A few months ago funds were raised for the largest congress of Amazonian Indigenous groups to be held in Brazil. Their focus – how to protect their lands. Despite having legal entitlement to their demarcated lands the situation in Brazil that led to the infamous fires of 2019 are triggered by deliberate slash and burn agriculture illegally encroaching onto their lands. This led to record numbers of fires coupled with a weakening of both indigenous land titles and deforestation laws to embolden farmers and international firms to go out and trash the forests of which they consider themselves Guardians.
Despite global outrage the policies continue, in fact the politics of the age provide perfect cover, why should they listen to outsiders, ex-colonists and non-Brazilians when its theirs to do with as they please? Forgetting of course that those who arrived first in those lands and who have learned to live as one with their environment continue to be actively oppressed, jailed and even killed in order to allow a modern day gold rush into the Amazon region.
So it was with incredible luck and privilege that I was invited to meet Chief Raoni, Chief of the Amazonian Indigenous tribe, the Kaypapō, and his team on a recent visit to the UK. Through Lush we had been sourcing Tonka bean direct from his and other communities. Tonka being one of those fabulous ingredients, a tree that requires full Amazonian rainforest in which to grow, provides bountiful crops of beans and produces a fragrance that could be said to surpass vanilla as the ultimate comfort smell!
Ok, full disclosure, the meeting was facilitated by Sam Roddick of the Body Shop family. My history and hers are somewhat intertwined as my dad remembers entertaining Sam as a child when he, my mum and the Lush founders were supplying Body Shop with innovations and products in the 80’s. Likewise I remember Gordon Roddick, her dad, coming to our house on the odd occasion, it always caused a stir as he held rockstar status as it does today when he arrives to shake his old friend Raonis hand, showing photos of them in the Amazon 30 years ago, much of that land has been deforested or threatened with clearance.
The combination of spiritual depth and grief as to the state of the environment in the Amazon and the gathering in an effort to support the protection and restoration of the Amazon is an incredibly inspiring event to be apart of. For the Kayapō and people whose dignity and feeling for their environment could only touch you, things have only become worse. On returning to Brazil the threat of Covid-19 reared its ugly head. For many Indigenous groups pandemics are a horrendous part of their living history - since the arrival and colonisation of their lands. Many are susceptible to respiratory illness and as the world watches many of the Indigenous groups returned to their lands to hold up, in the hope they would be safe from harm. Unfortunately already many have succumbed to the disease leaving communities in need of protective equipment and the means to provide food for their returning families.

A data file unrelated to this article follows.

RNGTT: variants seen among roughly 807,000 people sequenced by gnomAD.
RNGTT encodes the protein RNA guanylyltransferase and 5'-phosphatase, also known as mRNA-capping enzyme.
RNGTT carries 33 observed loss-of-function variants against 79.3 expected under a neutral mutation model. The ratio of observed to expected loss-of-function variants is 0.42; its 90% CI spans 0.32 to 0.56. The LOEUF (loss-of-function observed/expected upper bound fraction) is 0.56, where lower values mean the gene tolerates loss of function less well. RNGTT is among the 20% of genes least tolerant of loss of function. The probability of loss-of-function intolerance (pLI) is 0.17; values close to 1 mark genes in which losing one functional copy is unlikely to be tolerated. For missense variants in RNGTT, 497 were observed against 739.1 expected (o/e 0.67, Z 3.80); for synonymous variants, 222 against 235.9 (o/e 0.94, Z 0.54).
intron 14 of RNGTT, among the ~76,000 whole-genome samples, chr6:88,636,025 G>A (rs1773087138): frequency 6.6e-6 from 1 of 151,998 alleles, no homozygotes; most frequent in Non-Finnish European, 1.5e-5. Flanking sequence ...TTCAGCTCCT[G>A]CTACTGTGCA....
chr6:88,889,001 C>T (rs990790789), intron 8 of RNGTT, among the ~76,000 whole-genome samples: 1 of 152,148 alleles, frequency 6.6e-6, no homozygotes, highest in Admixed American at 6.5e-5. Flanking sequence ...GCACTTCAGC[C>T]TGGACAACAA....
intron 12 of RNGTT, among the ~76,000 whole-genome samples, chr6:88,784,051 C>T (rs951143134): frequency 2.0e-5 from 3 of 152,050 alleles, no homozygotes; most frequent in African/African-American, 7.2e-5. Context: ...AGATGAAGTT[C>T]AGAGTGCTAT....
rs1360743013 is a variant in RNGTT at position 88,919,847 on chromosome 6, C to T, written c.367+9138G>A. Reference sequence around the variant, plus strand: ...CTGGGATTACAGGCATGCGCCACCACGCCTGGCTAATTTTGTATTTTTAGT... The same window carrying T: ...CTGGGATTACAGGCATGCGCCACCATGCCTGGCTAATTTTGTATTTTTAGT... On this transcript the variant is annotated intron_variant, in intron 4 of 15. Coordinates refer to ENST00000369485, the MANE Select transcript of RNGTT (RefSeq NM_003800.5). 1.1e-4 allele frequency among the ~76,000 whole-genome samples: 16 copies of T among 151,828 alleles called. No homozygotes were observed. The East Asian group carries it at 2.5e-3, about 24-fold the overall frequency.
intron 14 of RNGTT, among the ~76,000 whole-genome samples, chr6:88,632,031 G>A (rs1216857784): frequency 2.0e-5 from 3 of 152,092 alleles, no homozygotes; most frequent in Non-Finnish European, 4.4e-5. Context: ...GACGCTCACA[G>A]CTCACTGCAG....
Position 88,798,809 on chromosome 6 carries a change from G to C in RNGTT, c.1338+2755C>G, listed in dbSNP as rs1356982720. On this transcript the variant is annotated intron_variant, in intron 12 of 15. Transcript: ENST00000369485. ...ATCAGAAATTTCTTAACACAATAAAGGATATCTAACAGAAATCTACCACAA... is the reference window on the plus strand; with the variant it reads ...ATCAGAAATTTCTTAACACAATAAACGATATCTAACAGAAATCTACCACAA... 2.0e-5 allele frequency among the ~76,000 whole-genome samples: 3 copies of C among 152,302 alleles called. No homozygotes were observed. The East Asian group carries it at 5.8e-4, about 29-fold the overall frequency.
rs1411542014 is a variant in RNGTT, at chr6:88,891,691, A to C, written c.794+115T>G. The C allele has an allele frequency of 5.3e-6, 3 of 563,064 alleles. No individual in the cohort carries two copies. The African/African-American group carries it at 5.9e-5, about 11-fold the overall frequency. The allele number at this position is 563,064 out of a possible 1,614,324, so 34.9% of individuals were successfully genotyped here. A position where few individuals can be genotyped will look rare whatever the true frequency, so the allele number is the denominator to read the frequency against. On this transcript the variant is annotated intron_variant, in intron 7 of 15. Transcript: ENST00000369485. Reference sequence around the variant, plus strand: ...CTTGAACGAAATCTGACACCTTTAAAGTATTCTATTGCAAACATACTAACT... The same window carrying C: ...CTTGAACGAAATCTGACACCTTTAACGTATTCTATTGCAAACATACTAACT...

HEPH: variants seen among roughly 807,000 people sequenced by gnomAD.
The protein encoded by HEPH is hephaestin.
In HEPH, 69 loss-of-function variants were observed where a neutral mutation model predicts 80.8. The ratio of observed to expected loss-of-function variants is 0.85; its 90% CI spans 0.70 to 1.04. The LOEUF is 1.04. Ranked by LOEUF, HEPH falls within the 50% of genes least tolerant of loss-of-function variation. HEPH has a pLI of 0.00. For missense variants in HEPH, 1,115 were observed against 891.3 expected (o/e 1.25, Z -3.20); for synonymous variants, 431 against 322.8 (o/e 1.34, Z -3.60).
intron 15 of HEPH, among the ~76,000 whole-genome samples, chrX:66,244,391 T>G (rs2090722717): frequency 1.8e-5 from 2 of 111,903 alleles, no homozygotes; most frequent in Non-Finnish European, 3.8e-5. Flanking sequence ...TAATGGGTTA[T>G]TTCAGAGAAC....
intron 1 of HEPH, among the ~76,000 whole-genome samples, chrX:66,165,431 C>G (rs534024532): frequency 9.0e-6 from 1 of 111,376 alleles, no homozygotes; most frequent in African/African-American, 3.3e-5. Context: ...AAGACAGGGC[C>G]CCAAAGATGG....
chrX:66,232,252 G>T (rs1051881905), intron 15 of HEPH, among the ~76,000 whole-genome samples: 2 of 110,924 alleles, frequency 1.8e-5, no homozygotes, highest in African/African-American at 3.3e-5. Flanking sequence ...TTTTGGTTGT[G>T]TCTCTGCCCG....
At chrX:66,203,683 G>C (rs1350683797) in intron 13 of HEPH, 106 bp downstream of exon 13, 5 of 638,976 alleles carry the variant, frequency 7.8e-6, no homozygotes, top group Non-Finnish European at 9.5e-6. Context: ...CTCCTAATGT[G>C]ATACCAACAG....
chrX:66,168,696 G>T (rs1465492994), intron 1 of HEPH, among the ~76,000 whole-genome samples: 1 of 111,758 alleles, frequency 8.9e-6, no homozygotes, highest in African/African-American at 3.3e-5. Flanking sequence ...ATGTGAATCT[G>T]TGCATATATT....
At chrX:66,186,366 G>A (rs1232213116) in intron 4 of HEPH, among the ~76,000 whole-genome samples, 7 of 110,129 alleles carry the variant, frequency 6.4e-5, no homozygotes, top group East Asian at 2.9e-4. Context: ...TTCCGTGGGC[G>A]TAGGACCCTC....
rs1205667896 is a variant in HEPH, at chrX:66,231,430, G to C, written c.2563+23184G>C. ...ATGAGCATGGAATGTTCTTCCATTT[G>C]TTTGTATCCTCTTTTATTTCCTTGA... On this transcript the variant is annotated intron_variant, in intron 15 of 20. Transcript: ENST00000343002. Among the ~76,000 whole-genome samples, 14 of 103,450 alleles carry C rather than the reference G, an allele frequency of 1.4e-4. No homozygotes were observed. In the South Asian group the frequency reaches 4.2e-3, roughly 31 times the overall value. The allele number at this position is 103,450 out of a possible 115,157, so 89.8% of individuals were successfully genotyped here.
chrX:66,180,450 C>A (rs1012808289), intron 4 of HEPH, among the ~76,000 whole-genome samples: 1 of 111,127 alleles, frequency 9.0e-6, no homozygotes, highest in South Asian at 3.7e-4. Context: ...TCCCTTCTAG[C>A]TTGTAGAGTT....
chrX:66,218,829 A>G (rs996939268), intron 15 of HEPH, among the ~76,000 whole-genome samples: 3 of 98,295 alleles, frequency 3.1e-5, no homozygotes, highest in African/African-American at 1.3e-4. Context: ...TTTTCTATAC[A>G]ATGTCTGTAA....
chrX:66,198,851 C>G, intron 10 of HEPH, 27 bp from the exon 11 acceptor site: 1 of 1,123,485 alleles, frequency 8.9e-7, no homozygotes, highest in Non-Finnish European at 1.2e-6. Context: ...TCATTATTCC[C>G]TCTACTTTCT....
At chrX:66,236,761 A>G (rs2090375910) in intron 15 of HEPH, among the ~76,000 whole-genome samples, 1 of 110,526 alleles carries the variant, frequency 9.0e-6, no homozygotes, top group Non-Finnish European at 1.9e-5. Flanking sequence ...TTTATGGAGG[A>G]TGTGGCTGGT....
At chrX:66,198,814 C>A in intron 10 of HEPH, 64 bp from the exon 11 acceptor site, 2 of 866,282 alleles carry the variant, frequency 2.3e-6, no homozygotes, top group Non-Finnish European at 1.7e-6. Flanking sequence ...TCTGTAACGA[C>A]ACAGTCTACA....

However, perhaps the most important lesson for me in the meeting was the description of their approach to these devastating problems, not to be depressed by the situation but instead to remind everyone that as people, as a community they come together to dance and to weave their culture together and that its maybe more important at this point in time than any other. I was left with the feeling that no matter how surprising the events, we should not despair and discount the possibility that we could still celebrate together again at some point soon, allowing us all to move onto new beginnings whatever they maybe.
As the meeting wrapped up I asked if I could present Chief Raoni with a gift. It was the first (and at that time only!) bottle of Beån. He looked quizzical and slightly bemused to be honest until it was explained it had his Tonka absolute in it! I hoped it was a gesture of exchange and partnership for the future and, when we at ånd heard about the worsening situation it felt only right to launch with a gesture of support and solidarity for the future – 100 bottles where all proceeds will go to supporting the Kayapō via the Raoni Institute, as they protect themselves from Covid-19.
We wish them and you the best of health and whilst we can’t connect in person we can hopefully through connect through fragrance, a small piece of the Amazon carefully bottled for you to enjoy.
Simon Constantine & the ånd team.
Photographer: Ricardo Stuckert